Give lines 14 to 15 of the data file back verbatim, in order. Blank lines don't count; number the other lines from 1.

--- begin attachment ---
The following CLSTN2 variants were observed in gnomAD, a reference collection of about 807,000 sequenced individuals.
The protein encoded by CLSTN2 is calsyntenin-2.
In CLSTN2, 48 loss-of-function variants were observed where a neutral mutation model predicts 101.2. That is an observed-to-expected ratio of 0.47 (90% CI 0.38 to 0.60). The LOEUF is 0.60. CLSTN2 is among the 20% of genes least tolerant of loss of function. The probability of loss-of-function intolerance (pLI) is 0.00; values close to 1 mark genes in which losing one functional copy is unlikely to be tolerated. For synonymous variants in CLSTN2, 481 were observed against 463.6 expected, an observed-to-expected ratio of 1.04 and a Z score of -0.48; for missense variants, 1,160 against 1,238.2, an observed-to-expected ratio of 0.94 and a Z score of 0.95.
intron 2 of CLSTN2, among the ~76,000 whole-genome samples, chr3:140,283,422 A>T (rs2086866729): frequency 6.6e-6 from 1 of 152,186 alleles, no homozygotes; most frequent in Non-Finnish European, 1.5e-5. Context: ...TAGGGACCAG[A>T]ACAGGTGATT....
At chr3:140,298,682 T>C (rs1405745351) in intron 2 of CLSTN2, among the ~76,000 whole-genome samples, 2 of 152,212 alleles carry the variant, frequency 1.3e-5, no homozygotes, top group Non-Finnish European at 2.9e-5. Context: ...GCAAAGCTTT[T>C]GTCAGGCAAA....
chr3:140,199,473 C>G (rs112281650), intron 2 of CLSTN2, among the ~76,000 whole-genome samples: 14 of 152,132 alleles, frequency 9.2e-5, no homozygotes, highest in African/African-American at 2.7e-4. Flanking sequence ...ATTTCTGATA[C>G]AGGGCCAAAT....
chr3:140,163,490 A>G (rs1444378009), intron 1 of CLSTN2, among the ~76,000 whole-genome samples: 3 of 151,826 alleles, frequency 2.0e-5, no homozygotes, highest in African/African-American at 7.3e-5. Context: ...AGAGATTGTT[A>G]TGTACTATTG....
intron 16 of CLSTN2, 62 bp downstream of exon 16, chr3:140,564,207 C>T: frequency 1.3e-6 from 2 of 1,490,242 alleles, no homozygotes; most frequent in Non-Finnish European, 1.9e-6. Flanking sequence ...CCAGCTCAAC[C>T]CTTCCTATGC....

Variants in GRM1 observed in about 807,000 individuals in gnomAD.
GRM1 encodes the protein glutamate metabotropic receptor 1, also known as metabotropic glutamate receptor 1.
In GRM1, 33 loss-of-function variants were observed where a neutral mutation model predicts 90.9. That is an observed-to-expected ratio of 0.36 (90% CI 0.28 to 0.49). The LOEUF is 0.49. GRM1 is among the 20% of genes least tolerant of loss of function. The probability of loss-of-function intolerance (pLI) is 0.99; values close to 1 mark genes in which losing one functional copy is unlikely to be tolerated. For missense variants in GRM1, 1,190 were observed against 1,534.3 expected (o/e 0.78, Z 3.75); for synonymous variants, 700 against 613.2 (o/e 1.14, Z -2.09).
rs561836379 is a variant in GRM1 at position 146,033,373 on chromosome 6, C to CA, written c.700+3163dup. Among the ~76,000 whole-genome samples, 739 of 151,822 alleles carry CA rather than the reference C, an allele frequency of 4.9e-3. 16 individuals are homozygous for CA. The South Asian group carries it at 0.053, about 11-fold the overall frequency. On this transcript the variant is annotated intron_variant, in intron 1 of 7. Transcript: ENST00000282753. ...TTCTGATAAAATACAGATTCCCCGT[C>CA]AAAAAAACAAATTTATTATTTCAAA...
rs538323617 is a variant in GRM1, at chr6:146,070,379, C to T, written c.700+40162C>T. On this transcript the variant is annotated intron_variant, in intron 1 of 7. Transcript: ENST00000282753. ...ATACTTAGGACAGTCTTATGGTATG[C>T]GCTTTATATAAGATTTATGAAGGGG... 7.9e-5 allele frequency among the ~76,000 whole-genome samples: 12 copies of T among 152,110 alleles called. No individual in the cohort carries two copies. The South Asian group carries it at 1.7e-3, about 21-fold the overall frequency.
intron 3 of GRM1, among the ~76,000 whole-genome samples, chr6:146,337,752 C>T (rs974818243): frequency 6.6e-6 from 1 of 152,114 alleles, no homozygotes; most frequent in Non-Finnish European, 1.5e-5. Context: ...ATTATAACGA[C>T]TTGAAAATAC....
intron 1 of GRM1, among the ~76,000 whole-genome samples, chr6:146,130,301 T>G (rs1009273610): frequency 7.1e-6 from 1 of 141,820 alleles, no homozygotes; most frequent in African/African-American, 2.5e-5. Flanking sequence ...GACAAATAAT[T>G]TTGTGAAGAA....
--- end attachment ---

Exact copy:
intron 3 of GRM1, among the ~76,000 whole-genome samples, chr6:146,337,752 C>T (rs974818243): frequency 6.6e-6 from 1 of 152,114 alleles, no homozygotes; most frequent in Non-Finnish European, 1.5e-5. Context: ...ATTATAACGA[C>T]TTGAAAATAC....
intron 1 of GRM1, among the ~76,000 whole-genome samples, chr6:146,130,301 T>G (rs1009273610): frequency 7.1e-6 from 1 of 141,820 alleles, no homozygotes; most frequent in African/African-American, 2.5e-5. Flanking sequence ...GACAAATAAT[T>G]TTGTGAAGAA....